Global demand for poultry, beef and pork is expected to increase over the next 10 years, according to the latest report from the Organization for Economic Co-operation and Development (OECD) and the Food and Agricultural Organization of the United Nations (FAO).
The recent climb in worldwide poultry consumption – fueled by lower prices compared with other proteins and lower fat content – is projected to increase globally to 154 million tons over the next decade the OECD/FAO report predicted. The increase represents nearly half of the additional meat expected to be consumed through 2031 and reflects the role poultry plays in the diets in such nations as China, India, Indonesia, Malaysia, Pakistan, Peru, the Philippines and Vietnam, the report added.
Meanwhile, the OECD/FAO report sees global pig meat consumption increasing to 129 million tons over the next 10 years with pork holding its position as the most eaten protein in the European Union. Most Latin America pork prices indicate that rising demand for pork and poultry among the middle class will help maintain those proteins as the favorites in those areas, the report noted. Per capita pork consumption in several Asian nations also are projected to increase through the next 10 years, according to the report.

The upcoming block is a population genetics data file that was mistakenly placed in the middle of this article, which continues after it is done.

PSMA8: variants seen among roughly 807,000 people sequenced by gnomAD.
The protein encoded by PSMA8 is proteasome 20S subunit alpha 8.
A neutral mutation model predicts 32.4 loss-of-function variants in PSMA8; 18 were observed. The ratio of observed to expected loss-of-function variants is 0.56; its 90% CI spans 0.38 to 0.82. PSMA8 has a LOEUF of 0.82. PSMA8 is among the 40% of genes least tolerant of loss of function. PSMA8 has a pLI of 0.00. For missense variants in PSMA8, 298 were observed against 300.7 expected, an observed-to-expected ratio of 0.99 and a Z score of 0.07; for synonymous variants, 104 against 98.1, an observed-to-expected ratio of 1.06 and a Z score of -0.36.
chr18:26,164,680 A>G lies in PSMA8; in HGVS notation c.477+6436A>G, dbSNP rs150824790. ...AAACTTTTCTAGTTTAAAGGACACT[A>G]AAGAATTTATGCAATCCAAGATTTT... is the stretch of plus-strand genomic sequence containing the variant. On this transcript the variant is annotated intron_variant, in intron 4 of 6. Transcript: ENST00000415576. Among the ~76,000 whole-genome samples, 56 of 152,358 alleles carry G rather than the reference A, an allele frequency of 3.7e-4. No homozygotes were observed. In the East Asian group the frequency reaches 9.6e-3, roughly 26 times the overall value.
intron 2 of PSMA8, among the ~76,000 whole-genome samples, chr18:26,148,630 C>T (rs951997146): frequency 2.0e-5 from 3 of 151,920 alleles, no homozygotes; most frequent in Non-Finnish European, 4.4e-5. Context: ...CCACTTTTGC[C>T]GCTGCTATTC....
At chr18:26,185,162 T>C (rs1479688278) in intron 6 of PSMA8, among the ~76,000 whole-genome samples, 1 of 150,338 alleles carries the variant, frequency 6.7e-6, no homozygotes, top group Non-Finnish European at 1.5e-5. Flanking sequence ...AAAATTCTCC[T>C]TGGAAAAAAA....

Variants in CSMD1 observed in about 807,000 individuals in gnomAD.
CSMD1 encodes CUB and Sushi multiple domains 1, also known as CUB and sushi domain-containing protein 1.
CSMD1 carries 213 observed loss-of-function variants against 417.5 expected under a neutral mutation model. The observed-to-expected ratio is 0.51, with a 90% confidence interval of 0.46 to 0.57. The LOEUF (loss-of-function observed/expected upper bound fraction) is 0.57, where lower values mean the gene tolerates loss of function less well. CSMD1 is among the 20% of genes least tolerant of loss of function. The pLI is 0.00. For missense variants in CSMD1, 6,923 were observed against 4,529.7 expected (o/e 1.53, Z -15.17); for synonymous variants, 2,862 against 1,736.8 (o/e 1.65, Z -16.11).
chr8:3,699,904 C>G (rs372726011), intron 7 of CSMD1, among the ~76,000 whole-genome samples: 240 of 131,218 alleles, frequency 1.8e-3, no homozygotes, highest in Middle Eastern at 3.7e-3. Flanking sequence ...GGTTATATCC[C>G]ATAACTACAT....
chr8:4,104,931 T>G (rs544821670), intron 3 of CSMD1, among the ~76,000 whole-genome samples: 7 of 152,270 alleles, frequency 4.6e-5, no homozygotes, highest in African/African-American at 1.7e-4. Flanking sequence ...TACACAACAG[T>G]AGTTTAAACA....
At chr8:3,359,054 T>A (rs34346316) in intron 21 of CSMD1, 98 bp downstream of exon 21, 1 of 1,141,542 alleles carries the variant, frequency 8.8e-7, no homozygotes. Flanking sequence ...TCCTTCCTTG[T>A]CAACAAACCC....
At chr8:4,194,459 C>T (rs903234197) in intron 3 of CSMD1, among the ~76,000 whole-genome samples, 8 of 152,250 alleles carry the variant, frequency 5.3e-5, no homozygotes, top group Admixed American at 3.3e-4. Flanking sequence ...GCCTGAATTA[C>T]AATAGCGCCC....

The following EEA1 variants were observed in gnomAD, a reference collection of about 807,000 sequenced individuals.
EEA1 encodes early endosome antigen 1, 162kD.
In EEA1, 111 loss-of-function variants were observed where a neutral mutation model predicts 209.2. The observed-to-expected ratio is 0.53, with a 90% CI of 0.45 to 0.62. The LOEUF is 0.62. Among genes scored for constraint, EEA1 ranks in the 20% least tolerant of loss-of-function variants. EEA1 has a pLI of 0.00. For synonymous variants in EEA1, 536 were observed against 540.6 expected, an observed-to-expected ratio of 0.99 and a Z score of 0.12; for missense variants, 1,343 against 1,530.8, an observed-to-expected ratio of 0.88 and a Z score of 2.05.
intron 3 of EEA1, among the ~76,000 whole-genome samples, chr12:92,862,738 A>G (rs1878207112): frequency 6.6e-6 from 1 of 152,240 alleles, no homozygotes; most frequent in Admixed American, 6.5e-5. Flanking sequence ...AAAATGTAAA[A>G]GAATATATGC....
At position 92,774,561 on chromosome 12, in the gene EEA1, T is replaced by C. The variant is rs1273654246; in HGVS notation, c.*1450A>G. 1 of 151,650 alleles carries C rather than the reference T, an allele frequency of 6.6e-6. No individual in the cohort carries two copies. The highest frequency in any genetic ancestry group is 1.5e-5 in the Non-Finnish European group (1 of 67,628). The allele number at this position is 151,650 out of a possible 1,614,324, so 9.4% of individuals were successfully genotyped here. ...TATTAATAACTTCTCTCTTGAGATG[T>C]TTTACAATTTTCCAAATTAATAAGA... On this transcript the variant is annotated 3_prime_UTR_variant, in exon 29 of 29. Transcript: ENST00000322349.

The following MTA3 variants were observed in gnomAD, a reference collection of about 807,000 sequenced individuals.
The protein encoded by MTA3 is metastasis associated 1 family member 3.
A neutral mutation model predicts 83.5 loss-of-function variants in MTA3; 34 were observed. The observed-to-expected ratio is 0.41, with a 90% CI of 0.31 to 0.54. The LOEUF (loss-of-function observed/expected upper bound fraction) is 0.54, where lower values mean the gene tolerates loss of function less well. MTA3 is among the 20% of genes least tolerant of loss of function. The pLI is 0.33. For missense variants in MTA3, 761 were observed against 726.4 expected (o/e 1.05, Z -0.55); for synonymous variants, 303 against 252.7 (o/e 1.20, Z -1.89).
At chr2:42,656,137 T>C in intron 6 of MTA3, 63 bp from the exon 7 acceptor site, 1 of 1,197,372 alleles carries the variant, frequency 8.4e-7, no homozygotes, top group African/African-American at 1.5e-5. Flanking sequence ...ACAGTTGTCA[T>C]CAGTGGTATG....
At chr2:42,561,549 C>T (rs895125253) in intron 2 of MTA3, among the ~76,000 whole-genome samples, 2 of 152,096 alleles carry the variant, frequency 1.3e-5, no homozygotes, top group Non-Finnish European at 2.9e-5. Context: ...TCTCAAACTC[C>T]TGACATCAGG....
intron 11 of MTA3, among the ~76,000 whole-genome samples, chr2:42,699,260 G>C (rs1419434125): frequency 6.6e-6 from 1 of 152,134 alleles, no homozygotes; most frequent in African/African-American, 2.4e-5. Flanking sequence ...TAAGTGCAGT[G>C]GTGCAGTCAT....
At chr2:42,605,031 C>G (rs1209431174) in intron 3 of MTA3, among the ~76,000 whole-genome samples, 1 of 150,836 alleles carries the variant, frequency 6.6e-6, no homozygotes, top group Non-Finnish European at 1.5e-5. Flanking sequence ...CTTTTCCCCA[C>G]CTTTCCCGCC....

The report also projects that global beef consumption will increase to 76 million tons through 2031, although per capita consumption is expected to fall by 2%. Asia and the Pacific and China are expected to be the exception with regard to per capita consumption. Consumption in China – the world’s second-largest per capita consumers of beef – is expected to rise by 10% over the next 10 years, the report noted.
The OECD/FAO report also predicts that the shift in meat consumption from foodservice to home cooking seen during the COVID-19 pandemic will revert back to pre-COVID patterns as restrictions are lifted. Consumption at home is expected to be driven by both global economic and population growth, especially in lower-income countries, the report added.
Par: Chris Scott (12/07/2022)